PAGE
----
David Owen (author)

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David Owen (born February 14, 1955) is an American journalist and author.

Education and early career[edit]

David Owen grew up in Kansas City, Missouri, and graduated from The Pembroke-Country Day School in 1973. He attended Colorado College, then transferred to Harvard University, where he was an editor of the Harvard Lampoon, as was Ann Hodgman. He graduated from Harvard in 1978 with a degree in English.

Career in journalism[edit]

Owen has been a staff writer for The New Yorker since 1991[1] and a contributing editor of Golf Digest since 1995; previously he was a contributing editor of The Atlantic Monthly and a senior writer for Harper's Magazine.[2] For six years he was a regular columnist for Home Magazine. He was also a contributing editor and columnist for Spy.

Owen won an Alicia Patterson Journalism Fellowship in 1984 to research and write about standardized testing in the American education system.[3]

Personal Life[edit]

Owen lives in Washington, Connecticut with his wife, Ann Hodgman. They have two children, both writers: Laura Hazard Owen and John Bailey Owen.

Bibliography[edit]

Books[edit]

  • The Conundrum: How Scientific Innovation, Increased Efficiency, and Good Intentions Can Make Our Energy and Climate Problems Worse (Riverhead, 2012) ISBN 1594485615.
  • Green Metropolis: Why Living Smaller, Living Closer, and Driving Less Are the Keys to Sustainability (Riverhead, 2009) ISBN 978-1-59448-882-5.

Many of Owen's books are expansions (or collections) of his previous magazine articles. He writes with wry humor on a curious set of non-fiction topics, including:

Articles[edit]

  • "Books: Turning Tricks – The rise and fall of contract bridge," The New Yorker, September 17, 2007[4]
  • "Shouts & Murmurs: Passing," The New Yorker, April 2, 2007[5]
  • "Precocity Dept.: Bird" (profile of jazz saxophonist Elijah Shiffer), The New Yorker, July 24, 2006[6]
  • "Annals of Culture: The Soundtrack of Your Life – Muzak in the realm of retail theatre," The New Yorker, April 10, 2006[7]
  • "Pencils Up! The S.A.T.’s Watchdog," The New Yorker, April 3, 2006 [8]
  • "Shouts & Murmurs: Your Three Wishes – F.A.Q.," The New Yorker, January 16, 2006 [9]
  • "Hey Pal Dept.: Old Hack" (story about former cab driver and taxi historian Bobby Lowich), The New Yorker, January 26, 2004[10]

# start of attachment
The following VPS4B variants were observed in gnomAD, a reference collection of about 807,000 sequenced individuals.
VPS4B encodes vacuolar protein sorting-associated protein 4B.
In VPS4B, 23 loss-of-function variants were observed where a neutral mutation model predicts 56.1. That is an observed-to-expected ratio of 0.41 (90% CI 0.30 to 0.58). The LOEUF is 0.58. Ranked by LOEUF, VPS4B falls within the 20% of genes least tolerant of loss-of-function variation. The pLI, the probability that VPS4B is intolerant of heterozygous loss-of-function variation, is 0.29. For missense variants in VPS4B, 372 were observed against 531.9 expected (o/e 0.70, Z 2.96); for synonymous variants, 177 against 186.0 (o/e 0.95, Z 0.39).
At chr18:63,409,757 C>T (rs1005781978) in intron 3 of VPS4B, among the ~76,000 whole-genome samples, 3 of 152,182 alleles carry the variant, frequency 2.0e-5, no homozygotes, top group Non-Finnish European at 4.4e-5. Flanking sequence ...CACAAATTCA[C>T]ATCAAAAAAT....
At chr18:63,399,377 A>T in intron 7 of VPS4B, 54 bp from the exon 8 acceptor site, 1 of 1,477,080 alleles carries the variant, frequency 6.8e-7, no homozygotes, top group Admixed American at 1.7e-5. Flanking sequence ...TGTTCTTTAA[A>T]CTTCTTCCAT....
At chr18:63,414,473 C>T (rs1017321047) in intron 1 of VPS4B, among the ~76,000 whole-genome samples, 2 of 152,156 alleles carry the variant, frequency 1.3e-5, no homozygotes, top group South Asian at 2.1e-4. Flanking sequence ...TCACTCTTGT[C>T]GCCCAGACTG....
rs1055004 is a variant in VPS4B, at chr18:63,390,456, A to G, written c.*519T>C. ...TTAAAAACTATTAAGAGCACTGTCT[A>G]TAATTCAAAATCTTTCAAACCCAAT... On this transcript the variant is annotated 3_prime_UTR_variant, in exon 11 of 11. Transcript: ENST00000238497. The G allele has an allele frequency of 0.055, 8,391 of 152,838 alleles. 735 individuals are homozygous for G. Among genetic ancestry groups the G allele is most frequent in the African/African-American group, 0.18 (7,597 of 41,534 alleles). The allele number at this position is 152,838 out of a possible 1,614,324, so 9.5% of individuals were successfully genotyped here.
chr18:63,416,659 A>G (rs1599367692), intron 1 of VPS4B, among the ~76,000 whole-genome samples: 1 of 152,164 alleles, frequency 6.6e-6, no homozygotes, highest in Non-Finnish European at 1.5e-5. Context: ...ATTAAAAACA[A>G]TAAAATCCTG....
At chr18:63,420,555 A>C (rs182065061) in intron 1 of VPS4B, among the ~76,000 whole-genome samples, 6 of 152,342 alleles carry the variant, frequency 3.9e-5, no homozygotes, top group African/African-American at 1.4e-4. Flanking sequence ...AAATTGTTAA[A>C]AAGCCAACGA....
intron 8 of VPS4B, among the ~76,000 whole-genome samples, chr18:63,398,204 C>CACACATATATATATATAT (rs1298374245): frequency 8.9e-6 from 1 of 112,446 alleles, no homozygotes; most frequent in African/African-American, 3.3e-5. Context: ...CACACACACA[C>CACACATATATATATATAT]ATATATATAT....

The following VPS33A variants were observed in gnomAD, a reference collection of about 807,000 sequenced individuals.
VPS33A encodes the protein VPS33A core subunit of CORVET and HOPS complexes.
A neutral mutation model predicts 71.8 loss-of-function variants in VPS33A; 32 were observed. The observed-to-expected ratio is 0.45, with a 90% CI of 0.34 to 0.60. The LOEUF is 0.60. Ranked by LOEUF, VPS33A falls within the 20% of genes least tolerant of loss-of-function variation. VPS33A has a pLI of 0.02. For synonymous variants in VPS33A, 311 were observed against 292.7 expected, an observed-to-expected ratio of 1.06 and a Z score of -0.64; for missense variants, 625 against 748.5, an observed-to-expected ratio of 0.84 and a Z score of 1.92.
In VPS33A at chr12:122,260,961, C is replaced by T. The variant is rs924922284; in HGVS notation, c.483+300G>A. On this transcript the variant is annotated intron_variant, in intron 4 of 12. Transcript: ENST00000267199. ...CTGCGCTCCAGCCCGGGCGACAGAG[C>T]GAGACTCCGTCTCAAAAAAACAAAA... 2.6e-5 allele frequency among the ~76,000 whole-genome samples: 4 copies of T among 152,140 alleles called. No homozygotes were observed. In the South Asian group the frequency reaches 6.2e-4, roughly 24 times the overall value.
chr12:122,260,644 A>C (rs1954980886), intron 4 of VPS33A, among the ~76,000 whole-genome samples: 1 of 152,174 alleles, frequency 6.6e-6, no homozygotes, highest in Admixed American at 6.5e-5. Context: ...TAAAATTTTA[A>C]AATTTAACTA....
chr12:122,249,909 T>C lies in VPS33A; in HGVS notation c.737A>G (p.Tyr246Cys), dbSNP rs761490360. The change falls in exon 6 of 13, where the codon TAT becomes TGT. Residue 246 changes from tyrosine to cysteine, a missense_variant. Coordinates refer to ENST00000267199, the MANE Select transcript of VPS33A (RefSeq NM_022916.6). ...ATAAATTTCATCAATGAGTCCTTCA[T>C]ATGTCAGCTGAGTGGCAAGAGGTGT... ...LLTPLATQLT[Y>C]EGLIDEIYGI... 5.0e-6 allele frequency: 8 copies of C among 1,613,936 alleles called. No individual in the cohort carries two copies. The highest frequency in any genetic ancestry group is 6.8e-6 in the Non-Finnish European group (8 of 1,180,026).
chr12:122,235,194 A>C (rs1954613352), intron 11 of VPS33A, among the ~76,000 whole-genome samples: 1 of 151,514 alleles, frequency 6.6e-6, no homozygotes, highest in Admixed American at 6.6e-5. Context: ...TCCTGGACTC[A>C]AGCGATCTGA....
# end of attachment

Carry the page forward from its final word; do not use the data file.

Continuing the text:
• "Our Local Correspondents: Green Manhattan," The New Yorker, October 18, 2004 [11]
  • "Shouts & Murmurs: 8 Simple Rules For Dating My Ex-Wife," The New Yorker, January 12, 2004[12]
  • "Shouts & Murmurs: A Naturalist’s Notes," The New Yorker, August 11, 2003[13]
  • "Dept. of Procurement: The Meat Doctor," The New Yorker, June 30, 2003[14]
  • "Shouts & Murmurs: Remake" (plot outline for 2003 remake of It's a Wonderful Life), The New Yorker, April 21, 2003[15]
  • "NASA, Spinning: Was the space shuttle useful? Not really." Slate Magazine, posted February 4, 2003[16]
  • "Mom and Pop Dept.: The Hundred Club," The New Yorker, December 23, 2002[17]
  • "Books: Measure for Measure – How the metric system conquered the world-almost," The New Yorker, October 14, 2002[18]
  • "Life and Letters: From Race to Chase – Yale’s Stephen L. Carter writes a thriller," The New Yorker, June 3, 2002[19]
  • "Notes & Comment: Children and Money – Training a little investor," The Atlantic Monthly, April 1998 [20]
  • "Where Toys Come From," The Atlantic Monthly, October 1986,[21]
  • "Travel: Innocents Abroad – Making Britain fun for a child can be fun for a parent, too,"" The Atlantic Monthly, November 1996[22]
  • "Shouts & Murmurs: The Afterlife – Cutting Back," The New Yorker, January 7, 2008[23]
  • Owen, David (1 December 2008). "Talk of the Town: Here to There Dept.: Wheeling". The New Yorker 84 (39): 31–32. Retrieved 17 April 2009.  Cycling the Waterfront Greenway, Manhattan.
  • Owen, David (1 November 2010). "The Talk of the Town: Here to There Dept.: Tornado Man". The New Yorker 86 (34): 40, 42. Retrieved 6 November 2011.  Reed Timmer

References[edit]

External links[edit]